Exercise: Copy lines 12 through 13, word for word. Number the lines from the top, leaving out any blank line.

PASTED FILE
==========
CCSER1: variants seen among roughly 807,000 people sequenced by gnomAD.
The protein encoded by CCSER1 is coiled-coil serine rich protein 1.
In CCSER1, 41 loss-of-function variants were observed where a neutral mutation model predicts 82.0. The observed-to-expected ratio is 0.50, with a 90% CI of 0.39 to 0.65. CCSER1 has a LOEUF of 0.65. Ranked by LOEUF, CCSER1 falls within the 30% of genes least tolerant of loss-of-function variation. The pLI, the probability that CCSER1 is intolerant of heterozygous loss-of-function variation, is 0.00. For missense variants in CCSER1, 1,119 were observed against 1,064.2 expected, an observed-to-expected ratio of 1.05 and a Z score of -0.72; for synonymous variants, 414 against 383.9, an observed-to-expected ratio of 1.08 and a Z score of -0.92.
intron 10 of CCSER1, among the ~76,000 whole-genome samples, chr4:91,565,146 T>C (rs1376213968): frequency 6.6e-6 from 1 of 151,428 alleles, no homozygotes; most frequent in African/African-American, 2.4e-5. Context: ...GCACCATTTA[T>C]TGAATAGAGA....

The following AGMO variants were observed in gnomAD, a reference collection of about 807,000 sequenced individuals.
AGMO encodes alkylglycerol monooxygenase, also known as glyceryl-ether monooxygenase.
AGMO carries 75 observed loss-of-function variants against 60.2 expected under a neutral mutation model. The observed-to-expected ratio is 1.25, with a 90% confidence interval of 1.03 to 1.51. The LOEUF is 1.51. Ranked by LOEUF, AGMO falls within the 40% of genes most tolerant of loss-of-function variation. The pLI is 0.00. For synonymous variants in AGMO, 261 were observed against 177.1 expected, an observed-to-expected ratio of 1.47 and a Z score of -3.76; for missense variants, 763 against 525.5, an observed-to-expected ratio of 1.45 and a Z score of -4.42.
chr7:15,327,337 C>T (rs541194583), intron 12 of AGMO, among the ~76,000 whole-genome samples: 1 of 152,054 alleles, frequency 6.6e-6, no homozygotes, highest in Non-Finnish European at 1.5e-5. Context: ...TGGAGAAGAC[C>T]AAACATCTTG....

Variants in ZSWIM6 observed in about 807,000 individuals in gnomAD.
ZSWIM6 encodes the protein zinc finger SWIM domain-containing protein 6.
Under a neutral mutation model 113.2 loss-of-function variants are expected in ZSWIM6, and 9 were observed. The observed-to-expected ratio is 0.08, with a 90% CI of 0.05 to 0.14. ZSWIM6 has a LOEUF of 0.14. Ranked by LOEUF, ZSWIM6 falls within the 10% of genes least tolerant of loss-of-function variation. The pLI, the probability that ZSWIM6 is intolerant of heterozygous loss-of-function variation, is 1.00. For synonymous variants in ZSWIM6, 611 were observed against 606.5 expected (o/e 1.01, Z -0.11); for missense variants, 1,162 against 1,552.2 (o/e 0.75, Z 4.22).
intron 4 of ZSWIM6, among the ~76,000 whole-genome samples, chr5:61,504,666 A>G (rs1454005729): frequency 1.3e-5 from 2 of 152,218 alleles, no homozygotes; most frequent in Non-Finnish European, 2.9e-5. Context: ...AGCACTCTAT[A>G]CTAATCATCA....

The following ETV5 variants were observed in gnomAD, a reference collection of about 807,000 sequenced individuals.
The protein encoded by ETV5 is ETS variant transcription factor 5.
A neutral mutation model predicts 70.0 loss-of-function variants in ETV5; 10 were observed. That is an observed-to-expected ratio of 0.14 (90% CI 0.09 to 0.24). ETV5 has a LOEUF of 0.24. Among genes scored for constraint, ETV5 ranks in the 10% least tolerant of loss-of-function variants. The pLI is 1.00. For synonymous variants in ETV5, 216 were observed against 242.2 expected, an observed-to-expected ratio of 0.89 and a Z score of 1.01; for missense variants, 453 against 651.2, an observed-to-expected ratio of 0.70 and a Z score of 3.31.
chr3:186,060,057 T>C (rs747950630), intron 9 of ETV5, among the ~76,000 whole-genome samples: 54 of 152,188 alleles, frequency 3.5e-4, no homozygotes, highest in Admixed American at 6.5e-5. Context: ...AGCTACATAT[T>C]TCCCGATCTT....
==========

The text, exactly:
intron 4 of ZSWIM6, among the ~76,000 whole-genome samples, chr5:61,504,666 A>G (rs1454005729): frequency 1.3e-5 from 2 of 152,218 alleles, no homozygotes; most frequent in Non-Finnish European, 2.9e-5. Context: ...AGCACTCTAT[A>G]CTAATCATCA....

The following ETV5 variants were observed in gnomAD, a reference collection of about 807,000 sequenced individuals.